In discussing films, there might be spoilers. Sorry!

Sunday, November 25, 2012

John Cusack as Bender ...

"Nicolas Cage was considered for the role of John Bender.  Bender was the last role to be cast and it was between John Cusack and Judd Nelson.  Hughes eventually cast Cusack to play John Bender, but Hughes decided to replace Cusack with Nelson before shooting began because Cusack didn't look threatening enough for the role."

~Wikipedia, The Breakfast Club

Tuesday, November 13, 2012

Say Anything ...

As already stated in the first John Cusack post, Lloyd Dobler came in at Number 72 of all time greatest characters  beating out both Darth Vader at Number 84 and Captain Jack Sparrow at Number 87.

Tagline: "A noble underachiever and a beautiful valedictorian fall in love the summer before she goes off to college."

This is a little bit of a problem as Lloyd's plans for the future are a little less clear.

Say's Lloyd: "I don't want to sell anything, buy anything, or process anything as a career.  I don't want to sell anything bought or processed, or buy anything sold or processed or process anything sold, bought or processed or repair anything bought, or processed.  You know, as a career. I don't want to do that."

He has a nervous talking thing, as his best friend Corey points out.

Lloyd Dobler isn't a "guy".  He doesn't hang around with the "guys" at the corner market on a Saturday night bashing the women they could never get in the first place.  Lloyd's best friends are girls.  He can talk to them, understands them and that is what makes Diane Court fall in love with him.

"The world is full of guys," says Corey.  "Be a man.  Don't be a guy."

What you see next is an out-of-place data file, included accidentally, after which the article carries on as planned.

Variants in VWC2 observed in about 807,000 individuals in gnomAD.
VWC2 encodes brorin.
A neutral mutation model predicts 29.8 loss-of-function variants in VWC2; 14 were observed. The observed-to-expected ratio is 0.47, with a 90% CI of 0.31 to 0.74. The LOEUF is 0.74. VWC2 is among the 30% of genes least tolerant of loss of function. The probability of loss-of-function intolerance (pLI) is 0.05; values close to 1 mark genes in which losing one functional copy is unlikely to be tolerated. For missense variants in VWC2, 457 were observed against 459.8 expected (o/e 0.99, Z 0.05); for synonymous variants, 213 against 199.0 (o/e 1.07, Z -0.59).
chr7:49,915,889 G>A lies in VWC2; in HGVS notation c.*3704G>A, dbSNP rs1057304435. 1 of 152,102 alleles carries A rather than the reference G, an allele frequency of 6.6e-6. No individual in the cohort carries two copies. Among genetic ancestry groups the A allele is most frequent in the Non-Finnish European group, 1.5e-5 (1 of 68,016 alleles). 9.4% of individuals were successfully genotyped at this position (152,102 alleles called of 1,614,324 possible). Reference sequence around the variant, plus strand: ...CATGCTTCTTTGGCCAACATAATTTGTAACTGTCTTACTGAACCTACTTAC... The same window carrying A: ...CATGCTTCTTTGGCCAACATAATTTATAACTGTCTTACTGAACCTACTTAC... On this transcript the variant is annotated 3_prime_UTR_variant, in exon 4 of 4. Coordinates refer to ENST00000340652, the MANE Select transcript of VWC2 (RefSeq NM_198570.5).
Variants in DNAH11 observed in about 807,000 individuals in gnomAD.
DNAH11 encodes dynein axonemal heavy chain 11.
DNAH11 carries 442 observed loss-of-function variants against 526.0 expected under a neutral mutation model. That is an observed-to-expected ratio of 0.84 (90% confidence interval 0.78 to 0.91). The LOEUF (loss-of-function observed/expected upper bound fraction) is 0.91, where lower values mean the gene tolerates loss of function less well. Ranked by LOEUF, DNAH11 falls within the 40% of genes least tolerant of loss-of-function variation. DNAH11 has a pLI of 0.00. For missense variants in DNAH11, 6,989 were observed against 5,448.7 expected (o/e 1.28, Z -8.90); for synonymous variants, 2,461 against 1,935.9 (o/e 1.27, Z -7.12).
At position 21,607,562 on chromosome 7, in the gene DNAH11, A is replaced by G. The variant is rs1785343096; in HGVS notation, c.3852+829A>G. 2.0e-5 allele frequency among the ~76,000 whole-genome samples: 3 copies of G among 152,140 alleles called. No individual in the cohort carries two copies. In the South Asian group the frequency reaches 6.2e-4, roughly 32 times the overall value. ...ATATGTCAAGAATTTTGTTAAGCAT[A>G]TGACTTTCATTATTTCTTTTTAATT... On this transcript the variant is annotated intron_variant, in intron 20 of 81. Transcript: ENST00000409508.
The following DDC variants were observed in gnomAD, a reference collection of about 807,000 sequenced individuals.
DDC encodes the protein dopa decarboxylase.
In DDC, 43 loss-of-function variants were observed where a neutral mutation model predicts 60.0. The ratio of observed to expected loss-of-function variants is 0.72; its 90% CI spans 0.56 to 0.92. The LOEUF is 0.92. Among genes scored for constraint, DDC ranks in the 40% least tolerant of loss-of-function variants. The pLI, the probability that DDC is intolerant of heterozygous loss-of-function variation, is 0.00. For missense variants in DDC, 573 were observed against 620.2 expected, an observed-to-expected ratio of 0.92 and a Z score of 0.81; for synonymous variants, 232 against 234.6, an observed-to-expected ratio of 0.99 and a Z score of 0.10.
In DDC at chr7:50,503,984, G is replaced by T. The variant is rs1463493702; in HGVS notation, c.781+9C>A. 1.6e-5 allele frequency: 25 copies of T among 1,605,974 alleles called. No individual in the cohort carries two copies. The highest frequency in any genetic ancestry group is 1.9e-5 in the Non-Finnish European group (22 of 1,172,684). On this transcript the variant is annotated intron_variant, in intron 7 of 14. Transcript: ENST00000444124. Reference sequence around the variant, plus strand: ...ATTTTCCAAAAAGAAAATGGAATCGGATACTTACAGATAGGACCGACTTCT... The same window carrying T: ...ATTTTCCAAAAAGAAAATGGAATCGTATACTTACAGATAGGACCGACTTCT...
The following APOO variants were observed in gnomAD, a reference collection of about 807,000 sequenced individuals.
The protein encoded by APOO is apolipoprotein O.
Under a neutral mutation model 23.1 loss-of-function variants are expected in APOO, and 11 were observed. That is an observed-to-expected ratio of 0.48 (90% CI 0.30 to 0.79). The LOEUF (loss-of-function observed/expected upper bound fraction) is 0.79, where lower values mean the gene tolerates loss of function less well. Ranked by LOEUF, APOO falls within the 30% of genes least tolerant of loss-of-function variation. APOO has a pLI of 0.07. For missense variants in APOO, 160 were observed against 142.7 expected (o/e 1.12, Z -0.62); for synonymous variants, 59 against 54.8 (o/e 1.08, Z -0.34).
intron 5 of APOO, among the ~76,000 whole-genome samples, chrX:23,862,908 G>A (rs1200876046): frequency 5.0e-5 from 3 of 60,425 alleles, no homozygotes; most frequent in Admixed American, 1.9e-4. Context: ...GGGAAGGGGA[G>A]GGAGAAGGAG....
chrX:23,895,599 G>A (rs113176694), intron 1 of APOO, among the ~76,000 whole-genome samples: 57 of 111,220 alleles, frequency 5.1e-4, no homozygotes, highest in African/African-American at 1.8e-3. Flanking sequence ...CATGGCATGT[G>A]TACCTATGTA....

A young Cary Grant - sans accent -- could have played Lloyd   Or maybe David Niven. Some old time Hollywood personality who would bring to the stage the same qualities that the young, still getting his bearings, Cusack has brought.

Because John Cusack nailed it in this part.  A love them then loose them, only to love them again situation and he nailed it with all the finesse of a Hollywood Star.  He created a hero that, to this day, is a role model for the hopeless romantic.


Thursday, November 1, 2012

NaNo: I couldn't resist ...

I've been doing it so many years.  The NaNoWriMo, I mean.  This wild, month long chase of a 50,000 word rough draft novel.  I can't even tell you when I started.  But this year, this year was going to be different.  I swore I wasn't going to participate.

I didn't have a real reason why except I was tired of the challenge, there were other things to do. A NaNo can be real disruptive to the household if it's not managed right and then there is always that feeling you get in your gut if you get behind.

So I was out of it this year. For sure.  No way.


I signed up two weeks before the kick off, now so excited about the story that having to wait to start typing until today was a cruel fate.  I read No Plot, No Problem - twice.  Read Ready, Set, Novel but opted not to use it; and I got my handy dandy NaNo kit with everything inside to keep me going.

And I bought the purse.  Um huh, You read that right. Every year I buy a purse that I really like and I have it shipped to me. Then I sit the box where I can see it from my work station.  If I pass the 50,000 word mark on time, I get to keep the purse.  If not, I have to give it away.

In my opinion the NaNo is a lot like this.  It's a month long game with yourself to see how far you can push to get the words out. Some days they come easy, flowing onto the page like a gift.  Other days it's like wrestling live chickens with too much noise and a mess all around.  Happily you can find yourself somewhere in the middle. Little treats help.  Little surprises.  "If I just get five hundred more words done I can have that latte from Starbucks."  Add a thousand to that and toss in a scone.

The NaNo is hard.  Very hard.  But as I have come to learn it's ingrained in my brain.  It's fall.  The Halloween decorations are up and it's time for me to start typing.

Monday, October 29, 2012

Better Off Dead ...

What is a teenage to do when his girlfriend dumps him for his rival, his dad thinks he's lost his mind, the paper boy is after him and the neighbors just got a hot, french exchange student?

You make one of the best off the wall comedies, one that doesn't even make it into the comedy section in later years. Video stores -- when there were still video stores -- filed it under Cult Classic.